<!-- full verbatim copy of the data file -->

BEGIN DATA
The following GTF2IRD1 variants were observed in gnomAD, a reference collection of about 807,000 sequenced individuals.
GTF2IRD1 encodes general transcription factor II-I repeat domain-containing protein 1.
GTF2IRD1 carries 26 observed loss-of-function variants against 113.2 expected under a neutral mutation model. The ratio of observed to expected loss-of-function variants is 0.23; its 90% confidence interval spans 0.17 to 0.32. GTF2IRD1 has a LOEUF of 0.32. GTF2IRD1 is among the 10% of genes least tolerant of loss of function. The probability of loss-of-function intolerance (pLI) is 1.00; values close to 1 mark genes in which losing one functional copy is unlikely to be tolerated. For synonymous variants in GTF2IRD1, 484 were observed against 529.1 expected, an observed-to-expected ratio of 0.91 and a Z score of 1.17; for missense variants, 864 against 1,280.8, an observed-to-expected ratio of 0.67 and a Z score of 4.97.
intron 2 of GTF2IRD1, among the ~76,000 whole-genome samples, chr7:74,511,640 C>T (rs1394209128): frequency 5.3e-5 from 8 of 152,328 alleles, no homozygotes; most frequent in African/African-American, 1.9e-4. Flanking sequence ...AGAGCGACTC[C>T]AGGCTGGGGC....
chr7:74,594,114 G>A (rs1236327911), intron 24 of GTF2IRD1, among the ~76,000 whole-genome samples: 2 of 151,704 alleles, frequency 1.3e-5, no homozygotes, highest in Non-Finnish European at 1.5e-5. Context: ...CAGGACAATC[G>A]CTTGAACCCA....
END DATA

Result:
The following GTF2IRD1 variants were observed in gnomAD, a reference collection of about 807,000 sequenced individuals.
GTF2IRD1 encodes general transcription factor II-I repeat domain-containing protein 1.
GTF2IRD1 carries 26 observed loss-of-function variants against 113.2 expected under a neutral mutation model. The ratio of observed to expected loss-of-function variants is 0.23; its 90% confidence interval spans 0.17 to 0.32. GTF2IRD1 has a LOEUF of 0.32. GTF2IRD1 is among the 10% of genes least tolerant of loss of function. The probability of loss-of-function intolerance (pLI) is 1.00; values close to 1 mark genes in which losing one functional copy is unlikely to be tolerated. For synonymous variants in GTF2IRD1, 484 were observed against 529.1 expected, an observed-to-expected ratio of 0.91 and a Z score of 1.17; for missense variants, 864 against 1,280.8, an observed-to-expected ratio of 0.67 and a Z score of 4.97.
intron 2 of GTF2IRD1, among the ~76,000 whole-genome samples, chr7:74,511,640 C>T (rs1394209128): frequency 5.3e-5 from 8 of 152,328 alleles, no homozygotes; most frequent in African/African-American, 1.9e-4. Flanking sequence ...AGAGCGACTC[C>T]AGGCTGGGGC....
chr7:74,594,114 G>A (rs1236327911), intron 24 of GTF2IRD1, among the ~76,000 whole-genome samples: 2 of 151,704 alleles, frequency 1.3e-5, no homozygotes, highest in Non-Finnish European at 1.5e-5. Context: ...CAGGACAATC[G>A]CTTGAACCCA....